*contact me for Doris’ first choice

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Africa’s Master Mirror Maker

Ousmane Sembene, NYC, 10/17/00

Ousmane Sembene, NYC, 10/17/00

The great Senegalese director, Ousmane Sembene (1923-2007), the son of a fisherman and a fifth-grade dropout, but with a vibrant curiosity about the world, realized he wanted to be a writer and a filmmaker during a six-month convalescence in a French hospital. Working on the docks in Marseilles hauling coffee bags, he had seriously injured his back and while bedridden read wide and deep, educating himself. And discovered that “my Africa was absent” in literature.

“Sembene!”co-directed, written and produced by Samba Gadjigo and Jason Silverman, celebrates its subject’s vast achievements: showing Africa to itself by creating the continent’s cinema and fearlessly giving a voice to the voiceless. Yet it’s also a clear-eyed portrait of a man, who consumed by his work, neglected his family and was sometimes less than honorable with colleagues.

Incorporating archival material, new footage, film clips and animated cut-outs to introduce “chapters,” the documentary discusses Sembene’s early work as a writer and his decision to concentrate on filmmaking, knowing in 1961 when he made his first film (a short, “The Cart Driver”) that illiteracy was rampant. Inventing a “new language to represent Africans,” Sembene recognized the need for “our own cinema, our own heroes.” And he knew to carefully light black faces or “there would be no detail,” the literal expression of his statement,  “If the other does not see me, I see myself.”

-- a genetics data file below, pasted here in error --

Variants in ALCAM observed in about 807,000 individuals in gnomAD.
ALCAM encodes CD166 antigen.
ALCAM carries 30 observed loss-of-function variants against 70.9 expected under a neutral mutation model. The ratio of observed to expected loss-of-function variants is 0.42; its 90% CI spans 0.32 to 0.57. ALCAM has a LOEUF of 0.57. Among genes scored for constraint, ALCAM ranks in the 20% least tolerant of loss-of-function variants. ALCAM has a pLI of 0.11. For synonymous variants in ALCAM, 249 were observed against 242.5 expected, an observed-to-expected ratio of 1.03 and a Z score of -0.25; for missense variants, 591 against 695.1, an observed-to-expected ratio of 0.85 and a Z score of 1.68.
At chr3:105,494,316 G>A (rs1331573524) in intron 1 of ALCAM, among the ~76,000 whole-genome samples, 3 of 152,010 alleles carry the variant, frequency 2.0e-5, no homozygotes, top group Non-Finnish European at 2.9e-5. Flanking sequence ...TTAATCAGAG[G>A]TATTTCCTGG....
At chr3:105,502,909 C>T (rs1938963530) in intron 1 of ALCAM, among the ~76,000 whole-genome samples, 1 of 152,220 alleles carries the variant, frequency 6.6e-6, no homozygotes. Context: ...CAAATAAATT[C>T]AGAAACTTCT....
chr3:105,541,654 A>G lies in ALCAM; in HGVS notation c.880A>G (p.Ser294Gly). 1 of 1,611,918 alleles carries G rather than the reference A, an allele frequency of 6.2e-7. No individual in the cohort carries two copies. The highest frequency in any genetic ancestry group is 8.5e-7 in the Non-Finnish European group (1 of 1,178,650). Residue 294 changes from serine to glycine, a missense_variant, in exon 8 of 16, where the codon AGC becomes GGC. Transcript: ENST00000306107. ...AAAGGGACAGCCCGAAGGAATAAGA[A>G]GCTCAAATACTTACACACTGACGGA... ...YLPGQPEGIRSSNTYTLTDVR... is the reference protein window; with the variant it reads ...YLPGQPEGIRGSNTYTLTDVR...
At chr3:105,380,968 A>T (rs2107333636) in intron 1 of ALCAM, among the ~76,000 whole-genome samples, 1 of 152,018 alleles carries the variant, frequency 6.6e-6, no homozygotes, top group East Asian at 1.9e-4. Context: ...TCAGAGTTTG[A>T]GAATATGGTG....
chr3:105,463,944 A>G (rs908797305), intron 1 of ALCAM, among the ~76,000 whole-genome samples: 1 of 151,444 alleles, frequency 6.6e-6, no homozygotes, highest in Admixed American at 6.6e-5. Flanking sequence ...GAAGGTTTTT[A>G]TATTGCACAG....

Sembene said, “I do (my job) because I want to talk to my people.” And he spoke sociopolitical truth to power, both European and African. In “Black Girl” (1966), his first feature, a young domestic worker is enslaved by her white employers. “Xala” (1975) spotlights the corruption of post-colonial African leaders and governments, while “Ceddo” (1977) condemns Islam as an often oppressive force.

Both films were banned or censored by the Senegalese government and after “Ceddo,” his African American wife, Carrie Moore, left him, citing his “bigamy”: “Creation is also his wife.” But Sembene’s work was championed by artists, freedom fighters and the international film community.

Sembene suffered an infertile period, nine years without being able to make a film and his next feature, “Camp de Thiaroye” (1986), while recognized as a masterpiece, was realized with funds he was overseeing to distribute to young African filmmakers. Sembene again found himself without resources.

Gadjigo, who grew up in Kidira, Senegal, longed to be French before discovering  Sembene’s short stories at 17. Hired as a professor of African Studies and French at Mt. Holyoke College in 1986, he approached Sembene after “Camp de Thiaroye,” about speaking to his students (and elsewhere in the United States) and was rudely rebuffed. (Sembene has said, “Frankness is not a downfall. It is my liberty.”)

Undeterred, Gadjigo traveled to Dakar, arriving uninvited at Galee Ceddo, Sembene’s seaside house. Eventually Sembene acquiesced and for 17 years, until his death, Gadjigo worked with his hero as his biographer and arranging for lectures and for the films to be shown internationally, often with Sembene in attendance.

Nearly blind and with compromised health, Sembene summoned his vitality to direct “Moolaade” (2004), a fierce film about resistance to the brutality of female genital mutilation. It is Sembene’s last film and was a prizewinner at Cannes.

Gadjigo is now working to “carry Sembene’s work forward” and has rescued his archive, is preserving his films and traveling in rural Senegal, showing the films to audiences that have never seen them.

“Sembene!” will open on Friday, November 6 at the Lincoln Plaza Cinema, followed by a release to select cities.